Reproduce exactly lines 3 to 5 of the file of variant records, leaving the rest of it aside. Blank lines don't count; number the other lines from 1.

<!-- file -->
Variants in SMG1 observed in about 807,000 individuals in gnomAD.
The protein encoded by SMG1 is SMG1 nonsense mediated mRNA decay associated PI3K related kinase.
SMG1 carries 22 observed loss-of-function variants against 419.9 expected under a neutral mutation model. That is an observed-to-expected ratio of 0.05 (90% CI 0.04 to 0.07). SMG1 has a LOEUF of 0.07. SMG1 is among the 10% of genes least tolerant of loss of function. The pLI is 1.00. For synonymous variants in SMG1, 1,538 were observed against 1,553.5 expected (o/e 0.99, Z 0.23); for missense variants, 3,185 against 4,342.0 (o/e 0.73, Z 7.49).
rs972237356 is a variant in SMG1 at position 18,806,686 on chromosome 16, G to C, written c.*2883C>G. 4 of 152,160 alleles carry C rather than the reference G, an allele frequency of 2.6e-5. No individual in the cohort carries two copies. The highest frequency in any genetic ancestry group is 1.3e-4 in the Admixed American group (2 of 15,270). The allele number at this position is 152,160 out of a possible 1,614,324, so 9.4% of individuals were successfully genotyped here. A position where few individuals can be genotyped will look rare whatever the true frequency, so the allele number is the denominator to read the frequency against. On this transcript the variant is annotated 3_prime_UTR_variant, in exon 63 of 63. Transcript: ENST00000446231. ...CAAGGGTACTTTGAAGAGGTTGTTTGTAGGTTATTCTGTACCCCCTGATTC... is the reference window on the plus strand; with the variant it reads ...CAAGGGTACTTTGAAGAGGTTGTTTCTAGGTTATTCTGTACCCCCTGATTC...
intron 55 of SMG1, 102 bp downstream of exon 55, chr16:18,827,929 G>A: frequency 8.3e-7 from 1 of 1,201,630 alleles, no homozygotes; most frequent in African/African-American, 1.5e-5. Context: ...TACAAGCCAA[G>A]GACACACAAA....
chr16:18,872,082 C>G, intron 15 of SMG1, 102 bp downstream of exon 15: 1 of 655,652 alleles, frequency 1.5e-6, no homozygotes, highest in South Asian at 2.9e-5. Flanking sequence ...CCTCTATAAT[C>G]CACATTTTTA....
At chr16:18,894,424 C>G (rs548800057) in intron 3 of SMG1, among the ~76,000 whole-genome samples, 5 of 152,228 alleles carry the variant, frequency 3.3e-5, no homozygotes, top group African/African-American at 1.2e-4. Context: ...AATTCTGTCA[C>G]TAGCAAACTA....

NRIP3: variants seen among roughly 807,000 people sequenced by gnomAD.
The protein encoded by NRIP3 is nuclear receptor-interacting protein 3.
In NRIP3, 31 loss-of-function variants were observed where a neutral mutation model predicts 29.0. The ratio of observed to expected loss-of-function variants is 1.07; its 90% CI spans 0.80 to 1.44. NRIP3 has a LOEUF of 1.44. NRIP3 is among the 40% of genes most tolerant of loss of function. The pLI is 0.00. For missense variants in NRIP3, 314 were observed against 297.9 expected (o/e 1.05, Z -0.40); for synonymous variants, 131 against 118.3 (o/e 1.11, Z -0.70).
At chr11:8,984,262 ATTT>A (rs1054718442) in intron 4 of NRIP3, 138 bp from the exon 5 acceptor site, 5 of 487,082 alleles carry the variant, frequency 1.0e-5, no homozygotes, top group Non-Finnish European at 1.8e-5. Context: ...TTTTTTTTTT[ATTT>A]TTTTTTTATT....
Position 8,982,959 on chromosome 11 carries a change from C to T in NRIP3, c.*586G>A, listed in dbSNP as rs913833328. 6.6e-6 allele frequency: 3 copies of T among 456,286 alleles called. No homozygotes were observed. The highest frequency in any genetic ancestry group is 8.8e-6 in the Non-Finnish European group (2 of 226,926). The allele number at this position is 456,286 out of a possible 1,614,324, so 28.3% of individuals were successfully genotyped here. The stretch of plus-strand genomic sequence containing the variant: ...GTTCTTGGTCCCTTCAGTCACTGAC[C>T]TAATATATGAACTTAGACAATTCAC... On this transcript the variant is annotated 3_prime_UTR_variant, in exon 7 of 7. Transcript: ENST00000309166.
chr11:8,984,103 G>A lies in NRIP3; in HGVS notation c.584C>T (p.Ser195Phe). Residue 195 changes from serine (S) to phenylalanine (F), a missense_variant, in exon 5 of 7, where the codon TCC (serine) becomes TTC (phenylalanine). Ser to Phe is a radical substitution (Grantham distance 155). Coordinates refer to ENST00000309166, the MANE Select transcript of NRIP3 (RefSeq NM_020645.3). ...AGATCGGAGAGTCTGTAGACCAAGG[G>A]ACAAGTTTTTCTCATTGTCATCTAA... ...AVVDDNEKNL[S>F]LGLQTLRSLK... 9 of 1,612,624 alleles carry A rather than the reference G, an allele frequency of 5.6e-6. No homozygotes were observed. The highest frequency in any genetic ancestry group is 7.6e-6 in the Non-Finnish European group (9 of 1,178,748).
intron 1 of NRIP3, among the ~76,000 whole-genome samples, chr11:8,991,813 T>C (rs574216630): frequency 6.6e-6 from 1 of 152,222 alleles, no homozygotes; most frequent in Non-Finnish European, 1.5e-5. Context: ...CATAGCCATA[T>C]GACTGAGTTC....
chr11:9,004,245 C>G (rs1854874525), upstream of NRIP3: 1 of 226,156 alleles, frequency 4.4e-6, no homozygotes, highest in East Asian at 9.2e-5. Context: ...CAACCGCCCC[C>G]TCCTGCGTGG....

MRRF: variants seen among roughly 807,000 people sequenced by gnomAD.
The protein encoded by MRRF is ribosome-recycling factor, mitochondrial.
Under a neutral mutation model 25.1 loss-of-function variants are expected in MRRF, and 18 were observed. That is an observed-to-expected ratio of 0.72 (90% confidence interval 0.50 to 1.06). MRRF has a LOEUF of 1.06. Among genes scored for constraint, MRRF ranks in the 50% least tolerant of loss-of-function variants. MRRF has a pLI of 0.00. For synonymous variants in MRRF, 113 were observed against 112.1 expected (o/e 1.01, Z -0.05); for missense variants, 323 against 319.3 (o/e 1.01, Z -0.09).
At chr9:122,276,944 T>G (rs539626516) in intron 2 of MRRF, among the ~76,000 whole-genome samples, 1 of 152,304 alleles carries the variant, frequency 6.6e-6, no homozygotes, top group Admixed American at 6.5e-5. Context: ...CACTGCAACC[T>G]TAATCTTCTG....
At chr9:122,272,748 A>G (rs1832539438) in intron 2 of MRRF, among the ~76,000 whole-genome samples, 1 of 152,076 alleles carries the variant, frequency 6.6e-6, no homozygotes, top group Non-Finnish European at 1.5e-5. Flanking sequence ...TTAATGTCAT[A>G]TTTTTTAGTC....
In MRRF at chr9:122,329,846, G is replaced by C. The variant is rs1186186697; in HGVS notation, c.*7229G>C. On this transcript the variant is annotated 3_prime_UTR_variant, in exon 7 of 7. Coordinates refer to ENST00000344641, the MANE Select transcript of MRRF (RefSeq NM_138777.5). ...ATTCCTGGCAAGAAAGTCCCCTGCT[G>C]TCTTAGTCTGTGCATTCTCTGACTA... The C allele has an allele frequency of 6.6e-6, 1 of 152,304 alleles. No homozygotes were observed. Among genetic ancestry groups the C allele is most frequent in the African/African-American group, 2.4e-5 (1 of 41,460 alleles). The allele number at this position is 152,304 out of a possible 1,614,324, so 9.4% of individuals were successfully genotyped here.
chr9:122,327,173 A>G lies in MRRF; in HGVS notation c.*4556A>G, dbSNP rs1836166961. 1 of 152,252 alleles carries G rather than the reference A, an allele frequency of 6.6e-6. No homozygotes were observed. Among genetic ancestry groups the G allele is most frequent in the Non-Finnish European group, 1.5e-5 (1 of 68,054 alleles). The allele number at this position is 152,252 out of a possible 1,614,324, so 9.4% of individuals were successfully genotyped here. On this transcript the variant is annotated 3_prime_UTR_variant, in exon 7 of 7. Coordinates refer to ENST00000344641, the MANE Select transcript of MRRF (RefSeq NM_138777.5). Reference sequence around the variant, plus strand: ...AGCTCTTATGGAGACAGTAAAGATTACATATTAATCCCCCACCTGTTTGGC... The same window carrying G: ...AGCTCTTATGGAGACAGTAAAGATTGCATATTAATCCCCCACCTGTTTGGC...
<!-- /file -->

SMG1 carries 22 observed loss-of-function variants against 419.9 expected under a neutral mutation model. That is an observed-to-expected ratio of 0.05 (90% CI 0.04 to 0.07). SMG1 has a LOEUF of 0.07. SMG1 is among the 10% of genes least tolerant of loss of function. The pLI is 1.00. For synonymous variants in SMG1, 1,538 were observed against 1,553.5 expected (o/e 0.99, Z 0.23); for missense variants, 3,185 against 4,342.0 (o/e 0.73, Z 7.49).
rs972237356 is a variant in SMG1 at position 18,806,686 on chromosome 16, G to C, written c.*2883C>G. 4 of 152,160 alleles carry C rather than the reference G, an allele frequency of 2.6e-5. No individual in the cohort carries two copies. The highest frequency in any genetic ancestry group is 1.3e-4 in the Admixed American group (2 of 15,270). The allele number at this position is 152,160 out of a possible 1,614,324, so 9.4% of individuals were successfully genotyped here. A position where few individuals can be genotyped will look rare whatever the true frequency, so the allele number is the denominator to read the frequency against. On this transcript the variant is annotated 3_prime_UTR_variant, in exon 63 of 63. Transcript: ENST00000446231. ...CAAGGGTACTTTGAAGAGGTTGTTTGTAGGTTATTCTGTACCCCCTGATTC... is the reference window on the plus strand; with the variant it reads ...CAAGGGTACTTTGAAGAGGTTGTTTCTAGGTTATTCTGTACCCCCTGATTC...
intron 55 of SMG1, 102 bp downstream of exon 55, chr16:18,827,929 G>A: frequency 8.3e-7 from 1 of 1,201,630 alleles, no homozygotes; most frequent in African/African-American, 1.5e-5. Context: ...TACAAGCCAA[G>A]GACACACAAA....